Back for More: Returning starters give Bears hope of third Big 12 title

Junior quarterback Seth Russell looks deep for a pass in the Bears’ game against Northwestern State on Sept. 7 at McLane Stadium. Russell started one game last season for an injured Bryce Petty and looks to keep the starting job for the 2015 season. Photo credit: Lariat File Photo

It’s the start of another college football season and the Baylor Bears, fresh off a second consecutive Big 12 championship, are reloaded for another title run. The Bears also have a good chance to become one of the final four in the College Football Playoff, something that the Bears barely missed out on in 2014.

“We’ve used last season [as motivation]. We knew somebody would get fifth, we just didn’t know it’d be us,” head coach Art Briles said in an ESPN interview.

The playoff snub isn’t the only source of motivation the Bears will have at their disposal coming into 2015. The last time Baylor took the field, they surrendered a 21-point lead to Michigan State in the Cotton Bowl, ultimately losing a 42-41 shootout.

“We’re using [Cotton Bowl loss] as motivation. We’ve got a little extra fire going into this season,” Briles said of the Cotton Bowl loss.

With this motivation teamed up alongside some of the best talent in college football, Baylor looks primed to make a powerful statement this year.

Offensive firepower has been the trademark of the Bears, ranking nationally in the top five offensively in both yards gained and points scored in the last two seasons. With nine starters returning on the offense, Baylor is predicted to be among the nation’s elite offenses in 2015. The loss of quarterback Bryce Petty stands out.

One of the most successful Baylor quarterbacks ever, Petty led Baylor to consecutive Big 12 championships, two New Year’s bowl games, and posted statistics that rank him second in school history in passing yards, touchdowns, and completion percentage. Baylor has shown the ability to plug in talent year in and year out and the quarterback position looks no different.

Seth Russell will be the man responsible for ushering in a new era of Baylor football at the head of the offense after having served as the backup for Petty the last couple of seasons and head coach Art Briles believes he has been preparing for this moment for a long time.

“He’s been paying on it for a while. Now it’s his opportunity to make sure the clothes fit,” Briles said.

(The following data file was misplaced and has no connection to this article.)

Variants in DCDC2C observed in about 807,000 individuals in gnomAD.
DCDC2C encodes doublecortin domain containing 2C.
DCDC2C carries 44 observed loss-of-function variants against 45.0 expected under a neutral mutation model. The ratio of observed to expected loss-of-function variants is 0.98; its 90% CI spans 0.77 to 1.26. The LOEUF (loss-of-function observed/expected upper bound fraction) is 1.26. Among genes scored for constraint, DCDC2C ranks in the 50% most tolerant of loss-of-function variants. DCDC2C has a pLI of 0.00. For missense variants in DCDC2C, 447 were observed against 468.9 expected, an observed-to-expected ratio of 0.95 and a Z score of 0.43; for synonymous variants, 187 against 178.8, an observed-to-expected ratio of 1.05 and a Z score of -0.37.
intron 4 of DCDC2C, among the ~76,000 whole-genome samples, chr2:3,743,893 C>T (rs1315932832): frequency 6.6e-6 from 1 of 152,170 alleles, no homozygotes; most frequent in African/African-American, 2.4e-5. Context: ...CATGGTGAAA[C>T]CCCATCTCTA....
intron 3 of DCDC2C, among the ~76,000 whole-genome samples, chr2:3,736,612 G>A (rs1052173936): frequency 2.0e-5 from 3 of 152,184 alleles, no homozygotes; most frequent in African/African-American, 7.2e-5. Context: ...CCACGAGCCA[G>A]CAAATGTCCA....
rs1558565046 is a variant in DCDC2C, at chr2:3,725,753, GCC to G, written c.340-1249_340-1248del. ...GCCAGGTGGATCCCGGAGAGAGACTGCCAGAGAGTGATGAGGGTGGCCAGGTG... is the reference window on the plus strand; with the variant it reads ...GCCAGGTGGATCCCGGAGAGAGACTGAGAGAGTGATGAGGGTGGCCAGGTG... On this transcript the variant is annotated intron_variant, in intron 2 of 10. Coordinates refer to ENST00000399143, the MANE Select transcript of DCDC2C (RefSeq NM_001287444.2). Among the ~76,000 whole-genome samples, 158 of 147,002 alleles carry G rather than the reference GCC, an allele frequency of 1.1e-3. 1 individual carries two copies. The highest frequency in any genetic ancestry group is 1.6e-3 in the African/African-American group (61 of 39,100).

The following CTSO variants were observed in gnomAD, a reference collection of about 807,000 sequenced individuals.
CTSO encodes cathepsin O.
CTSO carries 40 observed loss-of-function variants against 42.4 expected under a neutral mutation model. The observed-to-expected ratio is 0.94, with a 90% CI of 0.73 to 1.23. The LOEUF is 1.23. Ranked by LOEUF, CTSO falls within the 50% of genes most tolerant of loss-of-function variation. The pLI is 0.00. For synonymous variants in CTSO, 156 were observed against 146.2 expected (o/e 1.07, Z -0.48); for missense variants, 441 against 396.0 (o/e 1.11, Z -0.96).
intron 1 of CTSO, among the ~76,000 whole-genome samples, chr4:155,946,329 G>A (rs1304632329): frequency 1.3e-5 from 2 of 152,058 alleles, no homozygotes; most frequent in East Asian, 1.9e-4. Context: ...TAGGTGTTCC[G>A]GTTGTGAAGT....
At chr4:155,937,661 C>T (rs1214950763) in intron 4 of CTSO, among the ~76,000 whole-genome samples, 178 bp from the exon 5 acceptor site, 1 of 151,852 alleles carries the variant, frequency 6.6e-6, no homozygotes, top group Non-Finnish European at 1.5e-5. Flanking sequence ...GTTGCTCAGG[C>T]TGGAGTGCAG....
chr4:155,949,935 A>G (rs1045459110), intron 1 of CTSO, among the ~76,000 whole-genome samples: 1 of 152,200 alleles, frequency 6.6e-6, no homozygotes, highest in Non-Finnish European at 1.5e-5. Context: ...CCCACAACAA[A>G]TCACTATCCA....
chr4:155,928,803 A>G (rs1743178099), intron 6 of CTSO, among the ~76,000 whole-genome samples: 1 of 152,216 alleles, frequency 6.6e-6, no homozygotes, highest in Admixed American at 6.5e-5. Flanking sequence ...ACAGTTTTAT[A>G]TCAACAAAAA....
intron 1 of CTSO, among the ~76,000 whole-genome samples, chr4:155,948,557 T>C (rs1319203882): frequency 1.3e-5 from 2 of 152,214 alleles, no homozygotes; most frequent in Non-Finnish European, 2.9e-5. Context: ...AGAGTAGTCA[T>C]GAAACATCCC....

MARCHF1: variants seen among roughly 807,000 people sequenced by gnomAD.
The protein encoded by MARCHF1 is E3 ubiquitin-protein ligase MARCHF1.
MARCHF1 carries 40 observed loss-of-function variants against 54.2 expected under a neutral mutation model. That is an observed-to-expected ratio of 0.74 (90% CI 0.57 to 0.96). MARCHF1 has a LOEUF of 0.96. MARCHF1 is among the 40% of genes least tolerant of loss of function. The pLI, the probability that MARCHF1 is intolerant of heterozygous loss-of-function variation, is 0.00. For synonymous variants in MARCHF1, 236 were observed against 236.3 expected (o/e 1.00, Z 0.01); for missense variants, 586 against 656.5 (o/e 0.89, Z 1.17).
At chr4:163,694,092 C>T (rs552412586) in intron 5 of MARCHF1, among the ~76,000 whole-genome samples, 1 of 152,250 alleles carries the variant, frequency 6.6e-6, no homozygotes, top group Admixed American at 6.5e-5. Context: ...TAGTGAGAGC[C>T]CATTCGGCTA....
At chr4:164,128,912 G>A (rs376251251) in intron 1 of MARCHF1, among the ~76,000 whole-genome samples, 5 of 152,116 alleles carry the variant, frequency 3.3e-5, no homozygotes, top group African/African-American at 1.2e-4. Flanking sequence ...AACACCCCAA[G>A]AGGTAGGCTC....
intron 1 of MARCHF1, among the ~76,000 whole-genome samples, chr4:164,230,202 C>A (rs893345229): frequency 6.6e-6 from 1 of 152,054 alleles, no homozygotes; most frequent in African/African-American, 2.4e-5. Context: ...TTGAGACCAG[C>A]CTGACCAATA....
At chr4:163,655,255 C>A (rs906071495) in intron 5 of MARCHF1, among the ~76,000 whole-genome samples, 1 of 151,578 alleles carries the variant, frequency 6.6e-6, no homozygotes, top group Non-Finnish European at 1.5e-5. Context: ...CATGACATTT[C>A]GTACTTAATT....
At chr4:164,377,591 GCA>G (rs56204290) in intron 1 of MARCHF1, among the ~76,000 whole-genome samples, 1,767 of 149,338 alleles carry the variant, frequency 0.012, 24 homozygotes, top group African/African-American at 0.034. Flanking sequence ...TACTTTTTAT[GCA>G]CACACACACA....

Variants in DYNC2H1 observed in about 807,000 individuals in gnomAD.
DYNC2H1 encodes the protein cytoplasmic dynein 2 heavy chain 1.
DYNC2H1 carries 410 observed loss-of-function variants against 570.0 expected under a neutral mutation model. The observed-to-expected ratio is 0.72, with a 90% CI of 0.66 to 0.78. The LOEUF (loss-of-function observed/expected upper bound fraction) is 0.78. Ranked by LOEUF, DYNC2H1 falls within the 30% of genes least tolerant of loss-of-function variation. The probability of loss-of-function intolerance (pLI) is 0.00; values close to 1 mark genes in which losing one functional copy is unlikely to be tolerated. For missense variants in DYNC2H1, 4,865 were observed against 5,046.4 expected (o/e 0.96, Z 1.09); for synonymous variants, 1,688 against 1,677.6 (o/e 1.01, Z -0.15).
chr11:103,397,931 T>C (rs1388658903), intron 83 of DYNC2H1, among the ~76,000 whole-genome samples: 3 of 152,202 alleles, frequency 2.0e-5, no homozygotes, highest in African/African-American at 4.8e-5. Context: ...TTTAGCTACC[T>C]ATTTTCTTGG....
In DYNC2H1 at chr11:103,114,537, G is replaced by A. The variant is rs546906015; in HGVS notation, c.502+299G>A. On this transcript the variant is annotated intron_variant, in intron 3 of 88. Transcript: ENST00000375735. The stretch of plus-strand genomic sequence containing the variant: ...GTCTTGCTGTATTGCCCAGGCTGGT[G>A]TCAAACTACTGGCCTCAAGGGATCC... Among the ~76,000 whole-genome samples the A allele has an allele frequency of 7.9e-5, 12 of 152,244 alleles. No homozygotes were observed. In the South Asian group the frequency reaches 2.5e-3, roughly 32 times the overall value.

Russell will step into the starting quarterback role armed with a plethora of weapons as well as the entire starting offensive line from last season. Few first year starters can boast the experience that the junior signal caller has from playing over the years – including starting for an injured Petty last season against Northwestern State, a game where he threw for 438 yards and five touchdowns.

Among the aforementioned weapons is the dynamic wide receiving duo of junior Corey Coleman and sophomore K.D. Cannon, who combined for 2,149 yards and 19 touchdowns in 2014. Both players were named to the preseason watch list for the Biletnikoff Award, given to the nation’s top receiver annually.

Senior tight end LaQuan McGowan (6-foot-7 410 pounds), who became an immediate fan favorite after catching a touchdown pass in the Cotton Bowl last season, also returns in a more developed role.

“He’s an extremely athletic guy and that’s what made us [move him to tight end],” said Briles. “We’ve got this big, huge person that has good skills and we understand that we’re living in 2035 and this is an experiment… but we also understand that we have to take the opportunity to use him to help our team win.”

Baylor also returns its entire starting offensive line from the second half of the 2014 season. According to first year offensive coordinator Kendal Briles, this could be one of the best units, not only in school history, but in the nation as well.

Baylor is one of only seven programs among ‘Power 5’ (ACC, SEC, Big 12, Pac-12 and Big 10) schools to return all five starters on the offensive line. Led by senior left tackle Spencer Drango, an All-American in 2014, and junior center Kyle Fuller, the offensive line will look to continue producing an offensive onslaught that ranked first in the nation in yards per game and points per game.